OCTOBER 01, 2014
On Sept. 19, John G. Rowland, the former governor of Connecticut, was convicted in federal court in New Haven on seven counts related to political corruption. The jury found that Mr. Rowland had created false records and obstructed justice in a conspiracy to hide his role as a political adviser to a 2012 Republican candidate for the state’s Fifth Congressional District, Lisa Wilson-Foley.
Rowland certainly knows politics. Elected three times as governor, three times to the U.S. House of Representatives, and once to the chairmanship of the Republican Governors Association, Rowland was a rising Republican star with a national future—possibly even in the White House, pundits said. Then came a 2004 corruption scandal. Facing impeachment, Governor Rowland stepped down as governor and pleaded guilty to accepting lavish gifts—a hot tub, a heating system for a lakeside cottage, cigars, Champagne, a Ford Mustang—from friends and associates with business before the state. He served 10 months in prison.
A decade later, Rowland apparently learned nothing from the experience. In the current case, Ms. Wilson-Foley’s husband, Brian Foley, gave Mr. Rowland a sham job at his nursing home company, Apple Rehab, to conceal a $35,000 payment for political advice. The Foleys, caught, cooperated with prosecutors and await sentencing. Mr. Foley was a key witness at the trial.
Rowland’s attorney was Washington super-lawyer Reid Weingarten. He told all who would listen that this was just politics as usual—sausage-making in the state sausage factory—and that no crimes had been committed.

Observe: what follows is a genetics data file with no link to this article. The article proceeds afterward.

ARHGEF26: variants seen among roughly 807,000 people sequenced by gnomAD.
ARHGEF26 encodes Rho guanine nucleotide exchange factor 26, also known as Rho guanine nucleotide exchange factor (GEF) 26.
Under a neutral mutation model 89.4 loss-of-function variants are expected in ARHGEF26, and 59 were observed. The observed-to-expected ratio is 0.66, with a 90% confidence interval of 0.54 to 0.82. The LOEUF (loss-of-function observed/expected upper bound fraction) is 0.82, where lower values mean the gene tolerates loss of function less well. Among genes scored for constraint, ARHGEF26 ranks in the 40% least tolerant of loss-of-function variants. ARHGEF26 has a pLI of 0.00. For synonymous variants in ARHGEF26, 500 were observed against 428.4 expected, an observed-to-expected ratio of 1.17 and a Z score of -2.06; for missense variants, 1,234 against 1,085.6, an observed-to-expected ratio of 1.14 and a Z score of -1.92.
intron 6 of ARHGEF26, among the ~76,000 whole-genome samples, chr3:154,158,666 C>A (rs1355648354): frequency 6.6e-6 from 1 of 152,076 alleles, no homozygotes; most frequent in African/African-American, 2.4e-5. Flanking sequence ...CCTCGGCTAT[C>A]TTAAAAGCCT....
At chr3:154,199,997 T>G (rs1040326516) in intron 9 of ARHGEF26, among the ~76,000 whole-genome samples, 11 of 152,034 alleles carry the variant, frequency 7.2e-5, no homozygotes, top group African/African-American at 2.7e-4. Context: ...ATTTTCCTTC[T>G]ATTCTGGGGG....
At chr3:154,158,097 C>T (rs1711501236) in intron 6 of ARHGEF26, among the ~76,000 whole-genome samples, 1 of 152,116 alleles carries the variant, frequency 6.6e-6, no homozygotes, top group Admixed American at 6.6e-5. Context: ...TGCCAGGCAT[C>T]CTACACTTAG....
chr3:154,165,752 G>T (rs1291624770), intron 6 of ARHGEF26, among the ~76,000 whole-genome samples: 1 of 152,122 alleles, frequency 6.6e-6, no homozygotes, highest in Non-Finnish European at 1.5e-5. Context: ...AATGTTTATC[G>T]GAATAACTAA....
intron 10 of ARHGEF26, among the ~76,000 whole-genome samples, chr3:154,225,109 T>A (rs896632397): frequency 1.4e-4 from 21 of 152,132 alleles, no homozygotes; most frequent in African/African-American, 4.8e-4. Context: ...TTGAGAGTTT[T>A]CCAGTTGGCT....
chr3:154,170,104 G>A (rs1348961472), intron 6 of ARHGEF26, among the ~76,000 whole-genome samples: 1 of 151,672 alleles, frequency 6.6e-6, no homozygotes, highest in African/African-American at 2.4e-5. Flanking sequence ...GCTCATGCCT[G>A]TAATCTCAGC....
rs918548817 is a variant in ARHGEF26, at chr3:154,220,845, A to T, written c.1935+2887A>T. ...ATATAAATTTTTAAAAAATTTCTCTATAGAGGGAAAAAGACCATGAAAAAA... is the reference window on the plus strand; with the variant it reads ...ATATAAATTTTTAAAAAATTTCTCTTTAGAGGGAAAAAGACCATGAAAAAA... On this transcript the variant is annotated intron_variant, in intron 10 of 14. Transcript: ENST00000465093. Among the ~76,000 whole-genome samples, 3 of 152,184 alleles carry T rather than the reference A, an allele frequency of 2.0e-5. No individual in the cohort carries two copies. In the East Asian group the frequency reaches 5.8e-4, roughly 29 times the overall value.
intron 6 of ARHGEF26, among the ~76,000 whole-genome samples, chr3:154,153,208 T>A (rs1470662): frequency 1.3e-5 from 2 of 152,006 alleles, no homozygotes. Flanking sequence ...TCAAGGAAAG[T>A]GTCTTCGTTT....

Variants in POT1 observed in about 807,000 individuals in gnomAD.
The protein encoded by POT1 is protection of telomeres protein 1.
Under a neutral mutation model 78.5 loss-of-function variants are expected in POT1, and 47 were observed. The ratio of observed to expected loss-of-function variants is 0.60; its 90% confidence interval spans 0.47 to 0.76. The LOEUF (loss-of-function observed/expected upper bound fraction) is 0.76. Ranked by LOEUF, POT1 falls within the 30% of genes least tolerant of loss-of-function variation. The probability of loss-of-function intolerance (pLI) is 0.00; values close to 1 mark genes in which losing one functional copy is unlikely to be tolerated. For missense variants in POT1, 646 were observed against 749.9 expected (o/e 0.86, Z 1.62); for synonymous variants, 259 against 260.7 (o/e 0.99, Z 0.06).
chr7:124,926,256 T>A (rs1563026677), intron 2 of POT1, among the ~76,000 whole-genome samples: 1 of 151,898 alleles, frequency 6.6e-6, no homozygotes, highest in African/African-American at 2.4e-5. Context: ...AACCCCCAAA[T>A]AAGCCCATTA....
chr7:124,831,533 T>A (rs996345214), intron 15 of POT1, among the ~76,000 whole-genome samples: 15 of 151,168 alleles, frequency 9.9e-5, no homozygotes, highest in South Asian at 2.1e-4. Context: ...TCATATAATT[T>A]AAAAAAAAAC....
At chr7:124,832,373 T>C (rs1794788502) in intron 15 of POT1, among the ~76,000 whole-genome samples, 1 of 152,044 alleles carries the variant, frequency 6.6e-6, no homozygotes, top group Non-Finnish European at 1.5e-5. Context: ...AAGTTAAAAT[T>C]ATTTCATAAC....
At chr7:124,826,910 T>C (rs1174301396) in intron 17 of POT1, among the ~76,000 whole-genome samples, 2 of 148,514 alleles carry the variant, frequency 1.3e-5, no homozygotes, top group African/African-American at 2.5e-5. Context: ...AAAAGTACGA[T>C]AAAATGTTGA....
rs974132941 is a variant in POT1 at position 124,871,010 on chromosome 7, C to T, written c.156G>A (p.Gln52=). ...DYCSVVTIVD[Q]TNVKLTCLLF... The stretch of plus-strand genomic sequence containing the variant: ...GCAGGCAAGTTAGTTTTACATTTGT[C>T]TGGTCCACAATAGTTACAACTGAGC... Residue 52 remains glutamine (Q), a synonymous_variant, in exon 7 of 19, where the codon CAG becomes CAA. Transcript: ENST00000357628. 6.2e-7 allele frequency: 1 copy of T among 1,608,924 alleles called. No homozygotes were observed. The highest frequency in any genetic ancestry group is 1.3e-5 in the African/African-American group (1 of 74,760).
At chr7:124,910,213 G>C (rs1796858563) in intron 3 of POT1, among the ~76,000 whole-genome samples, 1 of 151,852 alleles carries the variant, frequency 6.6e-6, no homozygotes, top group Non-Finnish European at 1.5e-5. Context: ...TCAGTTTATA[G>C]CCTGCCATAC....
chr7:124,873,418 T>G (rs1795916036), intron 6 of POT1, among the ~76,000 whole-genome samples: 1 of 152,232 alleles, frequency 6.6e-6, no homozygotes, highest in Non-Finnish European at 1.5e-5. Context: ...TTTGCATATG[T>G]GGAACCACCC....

And indeed, as a legal matter, as the New York Times noted, Rowland “could have worked for a candidate’s campaign and received payment, had it been properly reported.” The problem: “candidates valued his experience but his criminal history made the association too risky.”
So a fake job had to be created, false documents had to be filed with regulators, and lies had to be told. The crime was the cover-up.
Speaking on the courthouse steps after the verdict, a senior federal prosecutor, Michael J. Gustafson, got to the heart of the matter: transparency.
“I heard it suggested, cynically, during the course of the trial, both in the courtroom and outside the courtroom, that this case was simply politics as usual,” Gustafson said in widely reported remarks. “It was far from that. It ought to be—no, it has to be—that voters know that what they see is what they get. In this case, the defendant and others didn’t want that to happen.”